“I’m not a religious person because they’re hypocrites.” “I don’t want to go to church because they’re so judgmental.” I hear comments like these a lot from people who say they believe in God but don’t want to be considered religious. I’ve even spoken to people who are atheists or agnostics and they have similar reasons for either leaving the church or not wanting to be Christian. It’s not everyone’s reason, but I’ve heard too many people say it.
Here’s the typical scenario and belief: People who go to church or claim to be a certain religion are hypocrites because they’re sinful people. They commit adultery, lie, steal, are drug addicts, abuse their loved ones, but they praise and worship God every Sunday. They pretend to be “good” for an hour every week. Those religious people are judgmental because they look down on anyone else who does anything they think is bad. They are against gays, abortion, alcoholics, criminals, premarital sex, etc.
These are the things I hear from people who would rather not be called “religious.” These people would rather accept their sins and downfalls and be honest with who they are (including all the “bad things” they do), than be called religious.
These non-religious people call religious people judgmental, but then isn’t that a judgment? Isn’t a judgment labeling someone or a group something without understanding why those people are that way? Without even trying to understand?
So then, what we’re left with is that both groups are judgmental and neither group is better than the other. Let me repeat that: Neither the religious or non-religious people are better.
In John 8:1-11, there is a story about a woman who committed adultery. This woman was brought to Jesus and in verse 5 he was asked, “Now Moses, in the law, commanded us that such [a person] should be stoned. But what do You say?” Jesus wisely responded, “He who is without sin among you, let him throw a stone at her first” (NKJV v.7). When everyone who brought the woman had left, Jesus asked her if any of her accusers had condemned her, and she replied that no one had. Then he said to her, “Neither do I condemn you; go and sin no more” (NKJV v.8).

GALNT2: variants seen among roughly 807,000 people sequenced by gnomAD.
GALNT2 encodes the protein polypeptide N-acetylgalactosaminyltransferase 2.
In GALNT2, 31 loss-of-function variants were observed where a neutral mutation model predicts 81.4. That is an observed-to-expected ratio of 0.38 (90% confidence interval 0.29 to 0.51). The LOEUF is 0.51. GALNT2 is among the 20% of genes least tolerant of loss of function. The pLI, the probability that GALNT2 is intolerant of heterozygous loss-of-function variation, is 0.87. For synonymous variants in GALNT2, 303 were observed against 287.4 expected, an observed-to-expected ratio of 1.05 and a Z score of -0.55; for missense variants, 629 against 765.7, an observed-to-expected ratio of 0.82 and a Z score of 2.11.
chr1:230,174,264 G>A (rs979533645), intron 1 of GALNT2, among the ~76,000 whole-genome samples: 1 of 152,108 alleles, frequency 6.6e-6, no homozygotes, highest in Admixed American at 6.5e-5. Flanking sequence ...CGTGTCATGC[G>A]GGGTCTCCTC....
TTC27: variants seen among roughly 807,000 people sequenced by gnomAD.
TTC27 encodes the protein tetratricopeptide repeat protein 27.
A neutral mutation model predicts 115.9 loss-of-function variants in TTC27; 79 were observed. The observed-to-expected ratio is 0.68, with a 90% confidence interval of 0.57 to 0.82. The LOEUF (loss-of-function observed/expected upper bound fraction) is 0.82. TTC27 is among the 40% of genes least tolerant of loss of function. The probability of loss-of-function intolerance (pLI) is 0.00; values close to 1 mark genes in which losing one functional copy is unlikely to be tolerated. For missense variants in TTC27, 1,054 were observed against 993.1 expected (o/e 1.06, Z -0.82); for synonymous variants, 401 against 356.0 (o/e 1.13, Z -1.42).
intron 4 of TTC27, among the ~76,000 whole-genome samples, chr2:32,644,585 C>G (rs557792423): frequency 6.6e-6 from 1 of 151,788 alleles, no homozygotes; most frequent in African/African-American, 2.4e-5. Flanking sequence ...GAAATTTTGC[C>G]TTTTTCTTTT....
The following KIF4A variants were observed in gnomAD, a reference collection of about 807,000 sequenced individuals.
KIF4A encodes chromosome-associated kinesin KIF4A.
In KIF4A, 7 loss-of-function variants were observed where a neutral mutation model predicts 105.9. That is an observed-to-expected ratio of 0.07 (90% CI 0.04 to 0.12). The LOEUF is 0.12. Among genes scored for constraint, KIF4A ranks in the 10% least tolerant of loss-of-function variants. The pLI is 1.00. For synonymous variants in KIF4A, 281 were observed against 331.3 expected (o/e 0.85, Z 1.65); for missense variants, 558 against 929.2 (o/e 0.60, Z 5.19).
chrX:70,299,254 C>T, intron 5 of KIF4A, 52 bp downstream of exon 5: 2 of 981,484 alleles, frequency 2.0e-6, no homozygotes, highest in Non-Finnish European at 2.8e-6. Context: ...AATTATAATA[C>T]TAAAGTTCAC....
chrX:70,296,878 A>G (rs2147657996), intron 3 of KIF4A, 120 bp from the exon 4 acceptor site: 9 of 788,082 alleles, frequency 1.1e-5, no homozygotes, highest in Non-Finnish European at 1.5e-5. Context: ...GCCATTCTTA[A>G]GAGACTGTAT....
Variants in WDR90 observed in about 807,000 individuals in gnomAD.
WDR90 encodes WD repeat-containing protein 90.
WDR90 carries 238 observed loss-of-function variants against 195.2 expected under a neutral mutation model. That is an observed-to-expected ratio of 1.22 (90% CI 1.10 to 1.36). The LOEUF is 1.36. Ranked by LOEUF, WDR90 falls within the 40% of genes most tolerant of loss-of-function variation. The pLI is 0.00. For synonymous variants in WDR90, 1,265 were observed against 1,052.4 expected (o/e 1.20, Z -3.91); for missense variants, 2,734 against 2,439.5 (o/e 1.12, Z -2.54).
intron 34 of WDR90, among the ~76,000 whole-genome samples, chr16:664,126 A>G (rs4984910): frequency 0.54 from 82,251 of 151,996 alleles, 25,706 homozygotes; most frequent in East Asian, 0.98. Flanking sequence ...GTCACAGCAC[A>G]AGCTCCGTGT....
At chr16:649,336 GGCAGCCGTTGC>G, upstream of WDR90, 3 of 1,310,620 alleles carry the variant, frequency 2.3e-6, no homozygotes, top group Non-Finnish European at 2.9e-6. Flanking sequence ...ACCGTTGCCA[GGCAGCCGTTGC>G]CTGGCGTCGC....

If you consider yourself religious, you are most likely familiar with these verses. It’s a very wise thing that Jesus did, because he got everyone to acknowledge that they are all sinners. No one is guilt-free. Jesus spoke against judgment and called everyone to love one another. This isn’t to say that sins should go unpunished. I’m not proposing that we let God punish sinners and we should do nothing. I’m simply speaking against judgment.
If you consider yourself to not be religious, then I hope you can still get some light from this story. Both religious and non-religious people make judgments. They commit the same sins. They make the same pretenses. So why should religious people make judgments on sinners when they both sin just as much? Why should non-religious people make judgments on the so-called righteous when they both make judgments just as much?
As an extra note, here’s my defense for religious people and church goers: They are trying, but they’re not perfect. I am a Christian and I am very proud to admit that to anyone. I do not go to church every Sunday, but I acknowledge that I should and I do try. I sin, and there are many times I don’t regret it. I know I have a forgiving God and I take advantage of that, just like many other Christians.
However, I try to follow God’s most important commandment: Love God, and love others as you would love yourself. This is the gospel. This is the core of Christianity that should be spread and known by all. I’m a Christian because I not only believe in God and his message, but I believe that to fully love God and have a relationship with Him, I must help better His Kingdom. That means going to church and building community, reading His word, praying, and loving everyone. These aren’t easy tasks, and every religious person struggles with them, but we try. We get lost sometimes and think ourselves righteous because we feel like we’re doing so good, but deep down every religious person should know that they all fall short of perfection.
What’s most important to me is for everyone, with any belief system, to experience unconditional love. For Christians, this is God’s love. For non-believers, this is a love you must discover in your own way. It gives me hope when a non-believer believes in the full power of love, because as 1 John 4:8 says, “God is love.”Source: